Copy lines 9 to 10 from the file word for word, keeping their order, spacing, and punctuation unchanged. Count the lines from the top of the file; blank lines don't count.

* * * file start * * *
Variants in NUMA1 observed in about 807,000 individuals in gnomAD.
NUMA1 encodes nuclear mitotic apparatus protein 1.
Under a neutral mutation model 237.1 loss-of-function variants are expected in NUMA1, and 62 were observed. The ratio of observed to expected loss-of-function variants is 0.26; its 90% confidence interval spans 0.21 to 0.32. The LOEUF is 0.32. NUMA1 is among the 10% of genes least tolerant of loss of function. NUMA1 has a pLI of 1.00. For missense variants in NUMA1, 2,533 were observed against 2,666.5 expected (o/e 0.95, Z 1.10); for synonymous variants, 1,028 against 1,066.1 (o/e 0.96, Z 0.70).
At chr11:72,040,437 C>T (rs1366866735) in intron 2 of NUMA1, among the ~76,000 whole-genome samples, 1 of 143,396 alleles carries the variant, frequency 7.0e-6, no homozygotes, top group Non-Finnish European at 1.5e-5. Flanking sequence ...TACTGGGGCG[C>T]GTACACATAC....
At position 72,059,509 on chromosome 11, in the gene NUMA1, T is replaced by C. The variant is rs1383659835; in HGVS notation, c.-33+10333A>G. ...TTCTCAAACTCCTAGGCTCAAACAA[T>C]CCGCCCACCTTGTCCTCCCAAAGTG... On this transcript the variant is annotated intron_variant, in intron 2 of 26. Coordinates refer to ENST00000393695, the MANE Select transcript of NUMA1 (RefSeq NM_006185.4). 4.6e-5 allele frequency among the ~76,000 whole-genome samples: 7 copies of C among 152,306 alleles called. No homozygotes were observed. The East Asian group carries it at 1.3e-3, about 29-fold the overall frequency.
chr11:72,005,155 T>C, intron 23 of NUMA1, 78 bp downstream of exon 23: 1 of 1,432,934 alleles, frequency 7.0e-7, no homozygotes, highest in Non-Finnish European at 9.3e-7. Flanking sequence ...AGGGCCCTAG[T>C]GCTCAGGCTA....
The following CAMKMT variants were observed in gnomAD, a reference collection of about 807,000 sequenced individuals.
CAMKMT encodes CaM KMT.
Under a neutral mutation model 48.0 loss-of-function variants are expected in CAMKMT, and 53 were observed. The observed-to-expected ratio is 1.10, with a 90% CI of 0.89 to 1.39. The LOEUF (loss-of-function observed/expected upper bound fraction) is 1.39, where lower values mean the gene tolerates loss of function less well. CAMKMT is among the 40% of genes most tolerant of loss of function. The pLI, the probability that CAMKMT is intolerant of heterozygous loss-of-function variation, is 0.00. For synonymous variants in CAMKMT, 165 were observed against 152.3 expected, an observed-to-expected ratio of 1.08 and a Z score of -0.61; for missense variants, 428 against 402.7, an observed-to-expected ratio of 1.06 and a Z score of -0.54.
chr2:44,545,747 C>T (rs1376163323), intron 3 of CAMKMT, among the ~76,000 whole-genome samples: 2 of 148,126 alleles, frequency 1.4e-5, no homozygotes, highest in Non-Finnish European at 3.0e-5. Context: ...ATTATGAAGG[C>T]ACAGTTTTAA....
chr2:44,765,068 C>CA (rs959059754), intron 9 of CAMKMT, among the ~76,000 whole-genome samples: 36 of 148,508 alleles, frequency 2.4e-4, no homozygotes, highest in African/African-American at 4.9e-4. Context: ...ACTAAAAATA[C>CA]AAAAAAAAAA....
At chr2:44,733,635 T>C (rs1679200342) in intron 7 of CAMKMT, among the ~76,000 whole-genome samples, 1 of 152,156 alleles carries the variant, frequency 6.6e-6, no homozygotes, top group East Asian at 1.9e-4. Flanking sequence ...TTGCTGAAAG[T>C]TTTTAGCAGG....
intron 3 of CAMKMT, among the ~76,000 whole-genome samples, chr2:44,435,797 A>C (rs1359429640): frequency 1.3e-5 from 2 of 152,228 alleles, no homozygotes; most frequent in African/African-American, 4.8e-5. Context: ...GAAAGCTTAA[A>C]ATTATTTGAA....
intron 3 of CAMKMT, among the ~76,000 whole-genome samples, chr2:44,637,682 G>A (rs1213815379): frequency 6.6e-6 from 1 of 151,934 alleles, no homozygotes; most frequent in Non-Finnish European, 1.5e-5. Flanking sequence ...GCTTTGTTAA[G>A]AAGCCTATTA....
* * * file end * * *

Under a neutral mutation model 48.0 loss-of-function variants are expected in CAMKMT, and 53 were observed. The observed-to-expected ratio is 1.10, with a 90% CI of 0.89 to 1.39. The LOEUF (loss-of-function observed/expected upper bound fraction) is 1.39, where lower values mean the gene tolerates loss of function less well. CAMKMT is among the 40% of genes most tolerant of loss of function. The pLI, the probability that CAMKMT is intolerant of heterozygous loss-of-function variation, is 0.00. For synonymous variants in CAMKMT, 165 were observed against 152.3 expected, an observed-to-expected ratio of 1.08 and a Z score of -0.61; for missense variants, 428 against 402.7, an observed-to-expected ratio of 1.06 and a Z score of -0.54.
chr2:44,545,747 C>T (rs1376163323), intron 3 of CAMKMT, among the ~76,000 whole-genome samples: 2 of 148,126 alleles, frequency 1.4e-5, no homozygotes, highest in Non-Finnish European at 3.0e-5. Context: ...ATTATGAAGG[C>T]ACAGTTTTAA....